The Human Impact of Water Pollution
We’ve discussed the environmental cost of water pollution, but what about its impact on human lives? Shockingly, 3, 575, 000 people die every year from water related diseases. Most these people are children. Polluted water from the textiles industry can contain chemicals such as formaldehyde, chlorine and heavy metals, and this contaminated water is then used for drinking and other activities. In fact, 72 toxic chemicals can enter water bodies just through chemical dyeing. Thankfully, through the Zero Discharge of Hazardous Chemicals program, many companies, including Adidas, H&M, and Nike, have now committed to eliminating the release of toxic substances into waterways by 2020.
How can water pollution be reduced?
Whilst recycling textiles in order to decrease the amount made ‘from scratch’, may seem like the simplest solution here, it is actually difficult to do so. It is not yet possible to separate blended fibre fabrics such as polyester and cotton, whilst cotton clothes need to be shredded to turn them back into raw materials. This shortens the fibre’s staple length and quality; a problem in textiles that have to meet a company’s quality control standards. Reckless consumption of textiles products, with the assumption that recycling will fix any environmental impact, therefore, is not the solution.
I mentioned untreated water being a huge source of pollution. Thankfully, it is possible to treat wastewater before releasing it back into water sources, using one of four different methods: biological, physical, chemical, or sludge treatment. However, doing this, needs to become standard for all companies.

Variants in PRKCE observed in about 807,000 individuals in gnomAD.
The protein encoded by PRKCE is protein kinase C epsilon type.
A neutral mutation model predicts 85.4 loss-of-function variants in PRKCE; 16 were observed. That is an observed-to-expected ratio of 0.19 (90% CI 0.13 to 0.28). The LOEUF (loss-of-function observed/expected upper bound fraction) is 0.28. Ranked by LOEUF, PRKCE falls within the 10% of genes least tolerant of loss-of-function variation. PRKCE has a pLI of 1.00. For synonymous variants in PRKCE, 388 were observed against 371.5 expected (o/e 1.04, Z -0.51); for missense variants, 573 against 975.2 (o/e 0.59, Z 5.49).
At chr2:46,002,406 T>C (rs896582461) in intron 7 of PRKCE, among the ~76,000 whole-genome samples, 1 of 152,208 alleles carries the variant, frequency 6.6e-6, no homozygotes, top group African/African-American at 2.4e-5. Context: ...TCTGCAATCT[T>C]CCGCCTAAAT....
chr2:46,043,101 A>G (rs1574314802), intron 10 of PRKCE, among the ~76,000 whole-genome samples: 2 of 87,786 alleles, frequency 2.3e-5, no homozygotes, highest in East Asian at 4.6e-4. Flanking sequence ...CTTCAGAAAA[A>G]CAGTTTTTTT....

So, how can you help?
As consumers, a strong way to make a stand is with your shopping habits. Fast fashion and cheap textiles may be fun, but they are often not the most sustainable options. However, getting involved doesn’t need to be hard: here are some easy to follow ideas to help reduce your impact on water pollution:
- Try to only invest in pieces which you both want and need-look for long lasting and high-quality pieces produced by ethical companies who add as little as possible to water pollution. Contact them and see if they treat their wastewater.
- Give the tags of textiles you see in shops a quick read before buying-are the items made of environmentally friendly fabrics? If not, try a quick Google search to find a similar item in a more sustainable fabric.
- Try investing in higher quality pieces, that you won’t need to replace as often. You may even save time when you discover you don’t need to buy a new bed linin each season!
So, there we have it. Water pollution from the textiles industry is not a problem that will go away overnight. It is, however, important that we continue to work on reducing it, both on an individual and on a corporate level. Make your opinions known through your shopping habits and product choices and let’s help each other save our planet!